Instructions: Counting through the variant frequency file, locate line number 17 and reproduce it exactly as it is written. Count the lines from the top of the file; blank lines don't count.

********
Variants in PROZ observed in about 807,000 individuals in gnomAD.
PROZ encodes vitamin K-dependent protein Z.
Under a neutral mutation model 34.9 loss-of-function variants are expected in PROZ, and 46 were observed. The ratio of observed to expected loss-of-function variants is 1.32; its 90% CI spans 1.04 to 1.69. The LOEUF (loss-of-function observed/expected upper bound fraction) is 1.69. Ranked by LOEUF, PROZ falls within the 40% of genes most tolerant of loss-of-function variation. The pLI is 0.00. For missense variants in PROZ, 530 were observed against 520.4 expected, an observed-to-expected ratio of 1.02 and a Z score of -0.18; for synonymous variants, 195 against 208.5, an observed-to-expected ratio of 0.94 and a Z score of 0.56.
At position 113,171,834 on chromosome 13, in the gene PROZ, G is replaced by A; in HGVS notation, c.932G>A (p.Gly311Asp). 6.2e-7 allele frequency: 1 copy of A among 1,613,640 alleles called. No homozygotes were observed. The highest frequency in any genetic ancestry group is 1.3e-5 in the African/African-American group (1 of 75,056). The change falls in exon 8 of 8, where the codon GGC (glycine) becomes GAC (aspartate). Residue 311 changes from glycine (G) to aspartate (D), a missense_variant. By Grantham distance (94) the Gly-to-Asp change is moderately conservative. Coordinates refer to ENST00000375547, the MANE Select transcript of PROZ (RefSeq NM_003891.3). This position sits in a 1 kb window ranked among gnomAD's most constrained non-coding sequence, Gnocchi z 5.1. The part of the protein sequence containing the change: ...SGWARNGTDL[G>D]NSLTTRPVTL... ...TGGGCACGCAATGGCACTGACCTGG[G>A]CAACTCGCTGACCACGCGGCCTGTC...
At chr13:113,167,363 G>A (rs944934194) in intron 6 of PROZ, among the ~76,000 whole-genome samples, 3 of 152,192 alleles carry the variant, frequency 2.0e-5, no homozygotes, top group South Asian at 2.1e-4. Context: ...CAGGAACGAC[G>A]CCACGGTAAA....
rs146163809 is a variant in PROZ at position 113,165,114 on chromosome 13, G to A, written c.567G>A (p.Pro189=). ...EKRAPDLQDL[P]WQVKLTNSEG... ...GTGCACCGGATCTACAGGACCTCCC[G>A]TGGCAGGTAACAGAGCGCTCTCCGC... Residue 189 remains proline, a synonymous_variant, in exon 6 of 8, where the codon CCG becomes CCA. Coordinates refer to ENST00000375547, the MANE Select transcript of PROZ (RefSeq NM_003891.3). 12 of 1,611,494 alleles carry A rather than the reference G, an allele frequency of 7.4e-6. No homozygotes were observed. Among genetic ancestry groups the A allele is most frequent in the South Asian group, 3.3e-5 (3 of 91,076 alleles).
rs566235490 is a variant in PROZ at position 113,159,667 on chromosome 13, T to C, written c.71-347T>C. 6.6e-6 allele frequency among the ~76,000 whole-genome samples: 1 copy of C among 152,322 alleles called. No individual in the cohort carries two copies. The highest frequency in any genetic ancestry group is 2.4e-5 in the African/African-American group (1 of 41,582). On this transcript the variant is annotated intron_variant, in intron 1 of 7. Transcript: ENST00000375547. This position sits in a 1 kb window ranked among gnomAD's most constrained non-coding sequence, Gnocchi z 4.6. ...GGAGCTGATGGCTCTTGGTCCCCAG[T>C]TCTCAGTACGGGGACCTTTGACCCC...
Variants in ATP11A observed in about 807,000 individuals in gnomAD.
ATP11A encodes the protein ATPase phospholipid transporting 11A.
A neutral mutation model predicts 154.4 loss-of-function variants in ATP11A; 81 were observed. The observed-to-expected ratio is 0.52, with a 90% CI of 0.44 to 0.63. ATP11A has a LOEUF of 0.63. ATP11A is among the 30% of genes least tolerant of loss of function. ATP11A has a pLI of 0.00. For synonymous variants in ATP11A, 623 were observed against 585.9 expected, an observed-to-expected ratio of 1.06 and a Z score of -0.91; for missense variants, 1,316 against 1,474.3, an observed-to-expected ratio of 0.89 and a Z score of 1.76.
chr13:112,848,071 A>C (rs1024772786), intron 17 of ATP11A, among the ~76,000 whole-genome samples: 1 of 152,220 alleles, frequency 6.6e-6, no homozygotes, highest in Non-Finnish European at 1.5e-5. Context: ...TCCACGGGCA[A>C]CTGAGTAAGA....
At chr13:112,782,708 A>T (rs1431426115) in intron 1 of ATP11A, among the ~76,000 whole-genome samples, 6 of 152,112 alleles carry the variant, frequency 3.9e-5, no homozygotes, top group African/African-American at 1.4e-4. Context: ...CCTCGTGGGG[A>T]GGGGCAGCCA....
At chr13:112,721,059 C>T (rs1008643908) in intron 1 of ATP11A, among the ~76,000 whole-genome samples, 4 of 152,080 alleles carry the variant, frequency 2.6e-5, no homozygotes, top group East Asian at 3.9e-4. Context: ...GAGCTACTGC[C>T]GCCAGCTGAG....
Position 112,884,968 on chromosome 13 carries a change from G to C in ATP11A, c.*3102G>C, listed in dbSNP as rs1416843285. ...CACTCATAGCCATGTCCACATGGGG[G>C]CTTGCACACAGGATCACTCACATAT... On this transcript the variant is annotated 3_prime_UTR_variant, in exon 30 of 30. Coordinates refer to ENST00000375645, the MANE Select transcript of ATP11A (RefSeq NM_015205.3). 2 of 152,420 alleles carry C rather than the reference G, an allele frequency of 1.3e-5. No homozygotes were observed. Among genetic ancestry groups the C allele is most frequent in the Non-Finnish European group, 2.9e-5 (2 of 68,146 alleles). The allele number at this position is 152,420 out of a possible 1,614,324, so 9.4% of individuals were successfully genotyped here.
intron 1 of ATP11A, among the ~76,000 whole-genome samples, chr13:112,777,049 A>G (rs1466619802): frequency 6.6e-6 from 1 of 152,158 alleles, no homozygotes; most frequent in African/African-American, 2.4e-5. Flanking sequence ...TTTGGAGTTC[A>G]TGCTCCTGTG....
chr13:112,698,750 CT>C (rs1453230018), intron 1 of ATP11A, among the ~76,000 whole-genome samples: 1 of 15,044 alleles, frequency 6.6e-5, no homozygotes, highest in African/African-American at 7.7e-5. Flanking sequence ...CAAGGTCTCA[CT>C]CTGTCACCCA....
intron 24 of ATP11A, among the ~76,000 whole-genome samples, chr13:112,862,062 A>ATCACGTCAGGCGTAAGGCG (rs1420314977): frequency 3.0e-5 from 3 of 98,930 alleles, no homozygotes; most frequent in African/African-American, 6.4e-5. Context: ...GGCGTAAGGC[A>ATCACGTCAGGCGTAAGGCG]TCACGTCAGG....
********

intron 24 of ATP11A, among the ~76,000 whole-genome samples, chr13:112,862,062 A>ATCACGTCAGGCGTAAGGCG (rs1420314977): frequency 3.0e-5 from 3 of 98,930 alleles, no homozygotes; most frequent in African/African-American, 6.4e-5. Context: ...GGCGTAAGGC[A>ATCACGTCAGGCGTAAGGCG]TCACGTCAGG....